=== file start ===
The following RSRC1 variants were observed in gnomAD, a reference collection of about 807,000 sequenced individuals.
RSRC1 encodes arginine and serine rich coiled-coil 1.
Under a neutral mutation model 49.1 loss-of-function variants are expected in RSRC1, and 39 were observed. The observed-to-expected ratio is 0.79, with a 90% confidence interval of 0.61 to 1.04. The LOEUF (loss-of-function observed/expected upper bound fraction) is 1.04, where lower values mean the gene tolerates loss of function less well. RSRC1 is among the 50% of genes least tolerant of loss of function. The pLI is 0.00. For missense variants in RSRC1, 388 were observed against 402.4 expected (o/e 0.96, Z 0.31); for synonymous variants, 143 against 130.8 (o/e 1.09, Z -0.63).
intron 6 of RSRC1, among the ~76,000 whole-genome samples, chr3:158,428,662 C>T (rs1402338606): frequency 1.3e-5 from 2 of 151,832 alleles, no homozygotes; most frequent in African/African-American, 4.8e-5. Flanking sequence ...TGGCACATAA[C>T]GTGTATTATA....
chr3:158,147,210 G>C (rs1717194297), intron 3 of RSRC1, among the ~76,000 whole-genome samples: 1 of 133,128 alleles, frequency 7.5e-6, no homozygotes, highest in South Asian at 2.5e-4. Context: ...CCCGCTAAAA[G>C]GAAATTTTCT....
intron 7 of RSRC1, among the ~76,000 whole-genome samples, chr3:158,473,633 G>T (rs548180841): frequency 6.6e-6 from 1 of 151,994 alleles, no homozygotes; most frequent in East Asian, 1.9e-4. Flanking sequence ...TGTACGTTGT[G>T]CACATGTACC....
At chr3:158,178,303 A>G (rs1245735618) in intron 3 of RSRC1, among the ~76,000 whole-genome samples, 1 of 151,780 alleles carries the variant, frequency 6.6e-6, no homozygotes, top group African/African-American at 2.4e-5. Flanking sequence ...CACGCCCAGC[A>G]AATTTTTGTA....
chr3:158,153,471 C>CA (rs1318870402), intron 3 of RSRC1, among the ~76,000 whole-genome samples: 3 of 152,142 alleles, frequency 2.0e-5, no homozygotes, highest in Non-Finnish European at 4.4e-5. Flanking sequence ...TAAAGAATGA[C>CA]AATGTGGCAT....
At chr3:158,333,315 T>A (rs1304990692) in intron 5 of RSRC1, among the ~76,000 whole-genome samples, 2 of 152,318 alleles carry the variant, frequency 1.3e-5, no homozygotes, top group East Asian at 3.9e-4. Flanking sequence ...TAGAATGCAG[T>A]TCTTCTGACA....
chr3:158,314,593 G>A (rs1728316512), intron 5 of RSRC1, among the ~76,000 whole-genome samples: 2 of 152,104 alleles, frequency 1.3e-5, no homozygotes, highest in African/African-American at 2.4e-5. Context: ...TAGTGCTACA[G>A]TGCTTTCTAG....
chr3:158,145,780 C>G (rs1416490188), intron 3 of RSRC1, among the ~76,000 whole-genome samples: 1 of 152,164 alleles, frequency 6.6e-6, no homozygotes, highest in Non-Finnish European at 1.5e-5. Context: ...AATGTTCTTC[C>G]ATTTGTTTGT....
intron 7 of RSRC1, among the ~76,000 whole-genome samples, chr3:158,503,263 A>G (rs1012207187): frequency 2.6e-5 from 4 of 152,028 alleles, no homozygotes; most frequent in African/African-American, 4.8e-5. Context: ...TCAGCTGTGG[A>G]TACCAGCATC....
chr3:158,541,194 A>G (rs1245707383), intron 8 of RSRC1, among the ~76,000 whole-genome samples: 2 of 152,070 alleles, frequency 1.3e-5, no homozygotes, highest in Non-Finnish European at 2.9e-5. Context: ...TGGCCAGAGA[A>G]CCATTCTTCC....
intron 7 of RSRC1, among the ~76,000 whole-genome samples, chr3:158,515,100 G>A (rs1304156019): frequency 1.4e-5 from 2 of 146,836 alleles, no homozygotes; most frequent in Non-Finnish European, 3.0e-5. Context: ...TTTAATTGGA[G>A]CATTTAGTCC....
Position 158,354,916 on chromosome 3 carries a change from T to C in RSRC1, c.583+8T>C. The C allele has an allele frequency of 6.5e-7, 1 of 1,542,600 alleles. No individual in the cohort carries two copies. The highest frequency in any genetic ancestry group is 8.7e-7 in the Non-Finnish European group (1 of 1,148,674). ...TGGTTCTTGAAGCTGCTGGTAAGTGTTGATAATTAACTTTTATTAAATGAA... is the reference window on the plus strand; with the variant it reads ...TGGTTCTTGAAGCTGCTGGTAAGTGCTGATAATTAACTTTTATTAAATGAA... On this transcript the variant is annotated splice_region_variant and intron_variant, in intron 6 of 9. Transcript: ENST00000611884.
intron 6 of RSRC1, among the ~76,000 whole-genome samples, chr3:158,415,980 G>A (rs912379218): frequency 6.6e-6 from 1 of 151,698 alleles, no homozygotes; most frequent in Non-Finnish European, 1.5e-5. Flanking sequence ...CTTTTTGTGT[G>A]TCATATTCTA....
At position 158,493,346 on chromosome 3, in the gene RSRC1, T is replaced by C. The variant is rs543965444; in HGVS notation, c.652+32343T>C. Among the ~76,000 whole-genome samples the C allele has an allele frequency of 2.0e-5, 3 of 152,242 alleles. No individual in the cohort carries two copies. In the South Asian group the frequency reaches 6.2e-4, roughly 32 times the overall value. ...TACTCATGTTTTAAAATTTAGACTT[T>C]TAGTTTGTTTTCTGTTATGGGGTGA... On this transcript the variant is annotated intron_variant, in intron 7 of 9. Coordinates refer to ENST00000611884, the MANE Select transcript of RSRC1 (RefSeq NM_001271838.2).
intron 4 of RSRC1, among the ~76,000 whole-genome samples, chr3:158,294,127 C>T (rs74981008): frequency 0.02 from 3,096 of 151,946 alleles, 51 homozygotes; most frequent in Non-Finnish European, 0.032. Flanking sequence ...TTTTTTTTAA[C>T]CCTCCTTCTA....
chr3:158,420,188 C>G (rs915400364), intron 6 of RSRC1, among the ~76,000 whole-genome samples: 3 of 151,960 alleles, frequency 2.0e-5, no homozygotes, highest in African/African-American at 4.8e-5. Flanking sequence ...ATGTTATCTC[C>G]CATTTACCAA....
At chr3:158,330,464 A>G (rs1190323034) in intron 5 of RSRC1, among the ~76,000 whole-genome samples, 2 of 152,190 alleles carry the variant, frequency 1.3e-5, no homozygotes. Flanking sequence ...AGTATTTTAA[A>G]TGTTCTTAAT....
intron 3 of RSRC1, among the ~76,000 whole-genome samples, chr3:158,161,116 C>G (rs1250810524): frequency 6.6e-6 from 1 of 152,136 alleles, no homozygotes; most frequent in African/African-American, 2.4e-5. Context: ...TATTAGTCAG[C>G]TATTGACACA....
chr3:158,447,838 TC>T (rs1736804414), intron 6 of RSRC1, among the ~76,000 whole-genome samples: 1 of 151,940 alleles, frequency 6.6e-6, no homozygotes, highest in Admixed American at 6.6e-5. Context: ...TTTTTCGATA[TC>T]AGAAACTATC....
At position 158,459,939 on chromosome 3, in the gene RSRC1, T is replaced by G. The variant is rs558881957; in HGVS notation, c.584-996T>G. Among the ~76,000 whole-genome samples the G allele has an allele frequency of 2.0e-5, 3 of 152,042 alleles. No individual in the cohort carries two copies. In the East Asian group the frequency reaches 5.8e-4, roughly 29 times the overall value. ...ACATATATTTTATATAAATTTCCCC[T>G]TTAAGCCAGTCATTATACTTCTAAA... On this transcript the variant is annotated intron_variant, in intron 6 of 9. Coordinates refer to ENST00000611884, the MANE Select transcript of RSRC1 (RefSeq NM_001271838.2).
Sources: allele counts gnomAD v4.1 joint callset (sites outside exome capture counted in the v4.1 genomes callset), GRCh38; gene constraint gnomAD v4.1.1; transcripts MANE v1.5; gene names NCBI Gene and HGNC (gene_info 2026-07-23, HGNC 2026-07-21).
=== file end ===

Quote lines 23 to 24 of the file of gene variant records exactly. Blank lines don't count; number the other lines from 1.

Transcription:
At position 158,459,939 on chromosome 3, in the gene RSRC1, T is replaced by G. The variant is rs558881957; in HGVS notation, c.584-996T>G. Among the ~76,000 whole-genome samples the G allele has an allele frequency of 2.0e-5, 3 of 152,042 alleles. No individual in the cohort carries two copies. In the East Asian group the frequency reaches 5.8e-4, roughly 29 times the overall value. ...ACATATATTTTATATAAATTTCCCC[T>G]TTAAGCCAGTCATTATACTTCTAAA... On this transcript the variant is annotated intron_variant, in intron 6 of 9. Coordinates refer to ENST00000611884, the MANE Select transcript of RSRC1 (RefSeq NM_001271838.2).
Sources: allele counts gnomAD v4.1 joint callset (sites outside exome capture counted in the v4.1 genomes callset), GRCh38; gene constraint gnomAD v4.1.1; transcripts MANE v1.5; gene names NCBI Gene and HGNC (gene_info 2026-07-23, HGNC 2026-07-21).